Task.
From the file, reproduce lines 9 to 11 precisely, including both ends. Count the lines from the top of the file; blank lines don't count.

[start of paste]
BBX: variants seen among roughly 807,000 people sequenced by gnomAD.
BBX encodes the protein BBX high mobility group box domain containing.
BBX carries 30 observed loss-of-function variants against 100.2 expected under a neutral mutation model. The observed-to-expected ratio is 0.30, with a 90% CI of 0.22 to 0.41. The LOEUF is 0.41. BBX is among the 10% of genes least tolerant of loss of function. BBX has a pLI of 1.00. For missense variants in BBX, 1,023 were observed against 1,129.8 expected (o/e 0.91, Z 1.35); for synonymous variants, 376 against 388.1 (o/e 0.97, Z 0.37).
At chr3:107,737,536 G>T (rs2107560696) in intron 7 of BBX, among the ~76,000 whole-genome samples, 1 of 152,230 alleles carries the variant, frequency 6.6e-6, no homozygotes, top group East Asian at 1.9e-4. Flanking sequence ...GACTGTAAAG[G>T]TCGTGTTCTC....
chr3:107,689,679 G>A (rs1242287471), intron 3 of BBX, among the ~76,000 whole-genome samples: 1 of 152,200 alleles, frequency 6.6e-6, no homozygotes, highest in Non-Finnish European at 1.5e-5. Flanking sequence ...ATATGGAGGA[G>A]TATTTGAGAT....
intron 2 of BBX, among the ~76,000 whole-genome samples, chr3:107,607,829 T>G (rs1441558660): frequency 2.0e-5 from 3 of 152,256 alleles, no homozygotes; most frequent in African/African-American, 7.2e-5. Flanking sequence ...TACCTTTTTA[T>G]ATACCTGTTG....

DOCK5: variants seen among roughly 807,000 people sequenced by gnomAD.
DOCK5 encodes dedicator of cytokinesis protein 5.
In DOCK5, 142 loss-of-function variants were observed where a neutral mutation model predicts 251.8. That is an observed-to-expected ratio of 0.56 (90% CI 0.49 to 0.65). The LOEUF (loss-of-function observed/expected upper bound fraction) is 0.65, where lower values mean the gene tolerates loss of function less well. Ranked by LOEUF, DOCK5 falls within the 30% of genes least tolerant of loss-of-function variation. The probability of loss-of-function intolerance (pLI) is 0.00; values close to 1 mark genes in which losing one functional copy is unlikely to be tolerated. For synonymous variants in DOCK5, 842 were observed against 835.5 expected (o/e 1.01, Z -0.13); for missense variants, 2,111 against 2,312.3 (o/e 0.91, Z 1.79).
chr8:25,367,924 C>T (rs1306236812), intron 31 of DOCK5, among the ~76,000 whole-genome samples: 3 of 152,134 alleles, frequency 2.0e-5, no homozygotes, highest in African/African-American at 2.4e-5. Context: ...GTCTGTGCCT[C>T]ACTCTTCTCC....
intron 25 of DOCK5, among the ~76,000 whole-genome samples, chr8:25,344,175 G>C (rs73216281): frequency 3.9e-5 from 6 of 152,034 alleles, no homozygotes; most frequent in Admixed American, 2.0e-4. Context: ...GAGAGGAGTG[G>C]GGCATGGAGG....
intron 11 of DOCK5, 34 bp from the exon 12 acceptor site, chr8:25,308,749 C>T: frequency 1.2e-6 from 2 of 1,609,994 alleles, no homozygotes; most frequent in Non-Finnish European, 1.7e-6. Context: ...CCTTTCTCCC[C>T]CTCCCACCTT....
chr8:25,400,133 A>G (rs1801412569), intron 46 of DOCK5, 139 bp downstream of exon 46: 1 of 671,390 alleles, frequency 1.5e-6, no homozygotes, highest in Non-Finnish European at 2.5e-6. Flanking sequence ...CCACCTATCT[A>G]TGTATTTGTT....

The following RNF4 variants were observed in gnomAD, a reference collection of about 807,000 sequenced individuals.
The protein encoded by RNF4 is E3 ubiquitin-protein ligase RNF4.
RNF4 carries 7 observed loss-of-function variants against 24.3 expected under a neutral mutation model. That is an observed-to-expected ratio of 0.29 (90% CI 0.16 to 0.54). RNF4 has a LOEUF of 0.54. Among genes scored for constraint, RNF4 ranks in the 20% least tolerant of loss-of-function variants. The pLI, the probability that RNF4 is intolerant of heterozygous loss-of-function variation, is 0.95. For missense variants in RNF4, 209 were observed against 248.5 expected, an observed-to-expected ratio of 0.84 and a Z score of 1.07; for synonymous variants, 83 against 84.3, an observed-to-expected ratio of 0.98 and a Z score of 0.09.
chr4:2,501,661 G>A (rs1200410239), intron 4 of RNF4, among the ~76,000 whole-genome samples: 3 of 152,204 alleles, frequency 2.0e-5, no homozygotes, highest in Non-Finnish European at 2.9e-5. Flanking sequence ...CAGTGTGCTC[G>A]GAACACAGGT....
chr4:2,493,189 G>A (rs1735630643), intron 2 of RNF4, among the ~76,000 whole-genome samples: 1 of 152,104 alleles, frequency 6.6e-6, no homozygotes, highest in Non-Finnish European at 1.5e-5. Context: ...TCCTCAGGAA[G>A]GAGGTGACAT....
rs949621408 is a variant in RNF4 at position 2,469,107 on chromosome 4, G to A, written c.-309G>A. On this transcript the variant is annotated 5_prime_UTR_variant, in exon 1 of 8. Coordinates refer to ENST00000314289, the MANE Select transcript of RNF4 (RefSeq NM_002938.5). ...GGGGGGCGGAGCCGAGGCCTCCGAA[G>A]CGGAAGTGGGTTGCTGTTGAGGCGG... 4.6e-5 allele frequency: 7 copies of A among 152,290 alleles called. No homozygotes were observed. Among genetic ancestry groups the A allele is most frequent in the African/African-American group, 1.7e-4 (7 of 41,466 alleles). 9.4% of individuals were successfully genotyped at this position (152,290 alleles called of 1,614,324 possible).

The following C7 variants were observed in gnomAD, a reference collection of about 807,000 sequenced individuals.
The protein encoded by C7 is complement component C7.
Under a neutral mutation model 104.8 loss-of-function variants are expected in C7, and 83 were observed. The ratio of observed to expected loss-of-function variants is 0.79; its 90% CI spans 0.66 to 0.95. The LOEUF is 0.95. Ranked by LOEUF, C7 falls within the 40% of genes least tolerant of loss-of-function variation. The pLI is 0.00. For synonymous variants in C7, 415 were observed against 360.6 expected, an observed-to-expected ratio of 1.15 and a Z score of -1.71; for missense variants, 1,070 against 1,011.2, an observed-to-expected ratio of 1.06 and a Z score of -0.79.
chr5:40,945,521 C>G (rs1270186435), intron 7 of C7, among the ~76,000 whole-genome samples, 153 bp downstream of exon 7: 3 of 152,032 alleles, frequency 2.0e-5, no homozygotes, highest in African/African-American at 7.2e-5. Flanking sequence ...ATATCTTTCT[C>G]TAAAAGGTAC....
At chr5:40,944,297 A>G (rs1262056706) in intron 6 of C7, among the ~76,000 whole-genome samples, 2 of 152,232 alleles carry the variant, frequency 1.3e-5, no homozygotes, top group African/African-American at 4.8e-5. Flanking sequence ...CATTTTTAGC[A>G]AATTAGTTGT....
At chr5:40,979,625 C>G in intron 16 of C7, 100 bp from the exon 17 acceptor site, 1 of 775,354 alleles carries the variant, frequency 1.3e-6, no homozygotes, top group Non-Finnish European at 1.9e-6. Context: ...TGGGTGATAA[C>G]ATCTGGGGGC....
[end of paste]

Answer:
In DOCK5, 142 loss-of-function variants were observed where a neutral mutation model predicts 251.8. That is an observed-to-expected ratio of 0.56 (90% CI 0.49 to 0.65). The LOEUF (loss-of-function observed/expected upper bound fraction) is 0.65, where lower values mean the gene tolerates loss of function less well. Ranked by LOEUF, DOCK5 falls within the 30% of genes least tolerant of loss-of-function variation. The probability of loss-of-function intolerance (pLI) is 0.00; values close to 1 mark genes in which losing one functional copy is unlikely to be tolerated. For synonymous variants in DOCK5, 842 were observed against 835.5 expected (o/e 1.01, Z -0.13); for missense variants, 2,111 against 2,312.3 (o/e 0.91, Z 1.79).
chr8:25,367,924 C>T (rs1306236812), intron 31 of DOCK5, among the ~76,000 whole-genome samples: 3 of 152,134 alleles, frequency 2.0e-5, no homozygotes, highest in African/African-American at 2.4e-5. Context: ...GTCTGTGCCT[C>T]ACTCTTCTCC....
intron 25 of DOCK5, among the ~76,000 whole-genome samples, chr8:25,344,175 G>C (rs73216281): frequency 3.9e-5 from 6 of 152,034 alleles, no homozygotes; most frequent in Admixed American, 2.0e-4. Context: ...GAGAGGAGTG[G>C]GGCATGGAGG....